Yesterday’s newspaper had a good rant in the letters to the editor about stupid enterprises, where more than 60% had not outsourced their email to the cloud yet.  It got me thinking: Are the enterprise managers avoiding the cloud stupid?  Or might they be reacting according to some of the basically sound principles for security

  • If I do not understand it, avoid it. True security assessments can only be made for things I understand. Since the cloud email solutions are somewhat new, they tend to get bitten by this.  And some of the business models are not well understood, or well explained (for example: paying with your personal information or your clicks, as opposed to paying cash).
  • If it is too good to be true, it is too good to be true. Avoid deals that are too good to be true,  in this case free (or cheap) email.
  • Giving the US government access may not benefit my business.  The Patriot Act and other regulations give extensive access to infrastructural components, including cloud servers, even if they are not located in the US.  Oh, and this goes for a number of other governments as well, I am using the US as an example since most major cloud suppliers are governed by US law.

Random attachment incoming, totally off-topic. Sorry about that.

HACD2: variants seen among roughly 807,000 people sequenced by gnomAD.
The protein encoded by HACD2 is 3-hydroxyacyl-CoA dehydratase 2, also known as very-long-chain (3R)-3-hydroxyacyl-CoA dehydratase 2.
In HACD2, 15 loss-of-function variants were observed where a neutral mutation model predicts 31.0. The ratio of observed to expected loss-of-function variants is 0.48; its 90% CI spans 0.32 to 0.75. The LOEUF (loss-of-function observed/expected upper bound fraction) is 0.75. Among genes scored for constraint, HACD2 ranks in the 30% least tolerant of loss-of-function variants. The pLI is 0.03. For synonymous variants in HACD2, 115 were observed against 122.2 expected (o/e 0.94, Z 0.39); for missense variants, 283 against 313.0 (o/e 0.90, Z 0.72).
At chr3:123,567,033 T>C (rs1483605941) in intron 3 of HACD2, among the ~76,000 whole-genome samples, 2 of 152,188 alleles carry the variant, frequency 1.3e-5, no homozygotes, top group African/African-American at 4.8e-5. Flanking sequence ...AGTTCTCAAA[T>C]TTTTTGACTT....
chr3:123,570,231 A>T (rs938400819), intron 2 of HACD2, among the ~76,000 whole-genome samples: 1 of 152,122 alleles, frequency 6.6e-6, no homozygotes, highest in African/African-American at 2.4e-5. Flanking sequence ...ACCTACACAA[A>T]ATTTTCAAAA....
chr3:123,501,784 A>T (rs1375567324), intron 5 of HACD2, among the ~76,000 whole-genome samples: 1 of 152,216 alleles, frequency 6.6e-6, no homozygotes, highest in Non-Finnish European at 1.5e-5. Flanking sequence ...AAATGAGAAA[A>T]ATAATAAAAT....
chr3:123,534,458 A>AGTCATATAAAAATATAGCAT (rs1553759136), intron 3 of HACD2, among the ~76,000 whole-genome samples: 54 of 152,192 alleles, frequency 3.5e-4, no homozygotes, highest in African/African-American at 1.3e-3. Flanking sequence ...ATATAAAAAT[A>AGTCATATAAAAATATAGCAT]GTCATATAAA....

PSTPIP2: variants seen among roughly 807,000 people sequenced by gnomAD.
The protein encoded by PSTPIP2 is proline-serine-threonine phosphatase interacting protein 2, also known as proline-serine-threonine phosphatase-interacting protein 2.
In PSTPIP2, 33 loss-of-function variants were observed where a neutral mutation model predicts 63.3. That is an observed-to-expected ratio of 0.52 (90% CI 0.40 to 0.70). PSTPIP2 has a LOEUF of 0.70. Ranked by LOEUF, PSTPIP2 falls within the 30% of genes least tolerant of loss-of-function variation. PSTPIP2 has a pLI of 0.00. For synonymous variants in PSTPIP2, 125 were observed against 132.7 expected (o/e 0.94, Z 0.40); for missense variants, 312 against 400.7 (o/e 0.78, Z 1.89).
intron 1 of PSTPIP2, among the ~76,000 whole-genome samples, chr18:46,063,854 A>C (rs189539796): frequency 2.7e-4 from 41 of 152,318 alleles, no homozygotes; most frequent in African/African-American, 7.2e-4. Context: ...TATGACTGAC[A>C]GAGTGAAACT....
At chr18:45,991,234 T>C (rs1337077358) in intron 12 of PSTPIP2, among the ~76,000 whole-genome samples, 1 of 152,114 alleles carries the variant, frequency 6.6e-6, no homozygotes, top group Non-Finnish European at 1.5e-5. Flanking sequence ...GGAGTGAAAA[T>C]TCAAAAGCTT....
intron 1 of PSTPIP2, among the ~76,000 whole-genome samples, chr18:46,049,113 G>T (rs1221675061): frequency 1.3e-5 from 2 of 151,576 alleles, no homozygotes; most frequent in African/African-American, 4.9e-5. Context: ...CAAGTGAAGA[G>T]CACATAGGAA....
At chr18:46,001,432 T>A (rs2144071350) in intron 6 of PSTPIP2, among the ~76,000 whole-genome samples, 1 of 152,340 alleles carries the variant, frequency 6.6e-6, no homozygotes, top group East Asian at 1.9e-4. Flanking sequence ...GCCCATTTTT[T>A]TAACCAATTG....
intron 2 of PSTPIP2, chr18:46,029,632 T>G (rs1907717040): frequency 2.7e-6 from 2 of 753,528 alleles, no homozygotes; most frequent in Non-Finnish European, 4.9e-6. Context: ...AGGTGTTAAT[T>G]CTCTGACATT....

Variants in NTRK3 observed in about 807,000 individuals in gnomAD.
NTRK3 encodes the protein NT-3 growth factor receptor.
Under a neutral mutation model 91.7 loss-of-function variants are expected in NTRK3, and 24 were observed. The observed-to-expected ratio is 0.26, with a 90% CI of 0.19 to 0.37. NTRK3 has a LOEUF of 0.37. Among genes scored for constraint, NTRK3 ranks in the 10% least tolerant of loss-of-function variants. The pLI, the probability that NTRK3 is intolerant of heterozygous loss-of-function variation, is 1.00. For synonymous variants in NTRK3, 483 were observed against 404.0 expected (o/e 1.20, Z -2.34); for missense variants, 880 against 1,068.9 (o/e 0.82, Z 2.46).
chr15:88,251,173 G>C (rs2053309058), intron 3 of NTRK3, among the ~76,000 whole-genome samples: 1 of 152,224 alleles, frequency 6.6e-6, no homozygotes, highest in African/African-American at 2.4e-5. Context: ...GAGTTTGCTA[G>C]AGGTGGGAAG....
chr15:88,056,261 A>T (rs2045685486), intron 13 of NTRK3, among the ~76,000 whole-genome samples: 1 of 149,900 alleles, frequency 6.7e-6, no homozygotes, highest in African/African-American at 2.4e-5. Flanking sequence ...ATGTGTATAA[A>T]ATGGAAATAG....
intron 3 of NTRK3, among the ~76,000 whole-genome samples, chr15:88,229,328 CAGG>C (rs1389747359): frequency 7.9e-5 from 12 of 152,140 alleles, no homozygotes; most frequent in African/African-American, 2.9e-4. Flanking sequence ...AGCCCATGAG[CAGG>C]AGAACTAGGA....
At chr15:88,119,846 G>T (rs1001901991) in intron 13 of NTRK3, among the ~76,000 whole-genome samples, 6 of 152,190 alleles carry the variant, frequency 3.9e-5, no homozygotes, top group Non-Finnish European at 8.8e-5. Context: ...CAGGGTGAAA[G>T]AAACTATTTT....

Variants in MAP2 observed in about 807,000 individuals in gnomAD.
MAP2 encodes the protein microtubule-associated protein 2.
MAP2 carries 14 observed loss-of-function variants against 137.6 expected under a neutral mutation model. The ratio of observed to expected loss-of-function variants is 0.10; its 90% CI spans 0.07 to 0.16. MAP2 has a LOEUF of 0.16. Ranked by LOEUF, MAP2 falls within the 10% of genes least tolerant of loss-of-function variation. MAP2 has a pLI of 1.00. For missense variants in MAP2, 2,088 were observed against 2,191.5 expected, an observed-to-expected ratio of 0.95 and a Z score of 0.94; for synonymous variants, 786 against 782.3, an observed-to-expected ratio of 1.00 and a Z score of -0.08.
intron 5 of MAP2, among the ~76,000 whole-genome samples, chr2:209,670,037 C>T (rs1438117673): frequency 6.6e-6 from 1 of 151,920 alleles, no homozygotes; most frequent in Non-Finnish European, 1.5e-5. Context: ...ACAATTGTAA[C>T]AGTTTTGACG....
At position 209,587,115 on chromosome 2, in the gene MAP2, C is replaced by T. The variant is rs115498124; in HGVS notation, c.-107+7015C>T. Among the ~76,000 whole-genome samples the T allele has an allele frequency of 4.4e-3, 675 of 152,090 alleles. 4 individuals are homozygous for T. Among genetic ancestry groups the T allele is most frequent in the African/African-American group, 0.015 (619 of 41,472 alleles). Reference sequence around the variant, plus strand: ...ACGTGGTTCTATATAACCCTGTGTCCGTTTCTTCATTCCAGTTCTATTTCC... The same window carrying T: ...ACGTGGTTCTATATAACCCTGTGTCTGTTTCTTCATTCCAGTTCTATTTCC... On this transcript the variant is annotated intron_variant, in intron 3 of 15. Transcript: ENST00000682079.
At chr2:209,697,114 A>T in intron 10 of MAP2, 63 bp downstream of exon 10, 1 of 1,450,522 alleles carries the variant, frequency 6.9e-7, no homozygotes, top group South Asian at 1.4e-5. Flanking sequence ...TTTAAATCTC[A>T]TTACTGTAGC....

• What is the bribe level for gaining access to my data? A month’s paycheck will get you access in many countries, and in low cost countries the bribe level may be too low for you to expose your data to the country.  Some West-European banks outsourcing operations to Ukraine ran into this thinking in the security audit.
  • Unclear value chain may turn out to be expensive for me in the long run.  My business intends to be here for the long run.
  • What happens if they loose my data?  What do I know about their backups?

Most if this boils down to how to trust something ephemeral, like a cloud.  Personally, I like clouds.  But I have taken the time to read and study up on them, and not every manager out there has the time or the same policy inclination I do (weirdly, some people do not read cloud audit guidelines late at night).

It turns out, that yet again, people are not stupid.  Even managers are not stupid.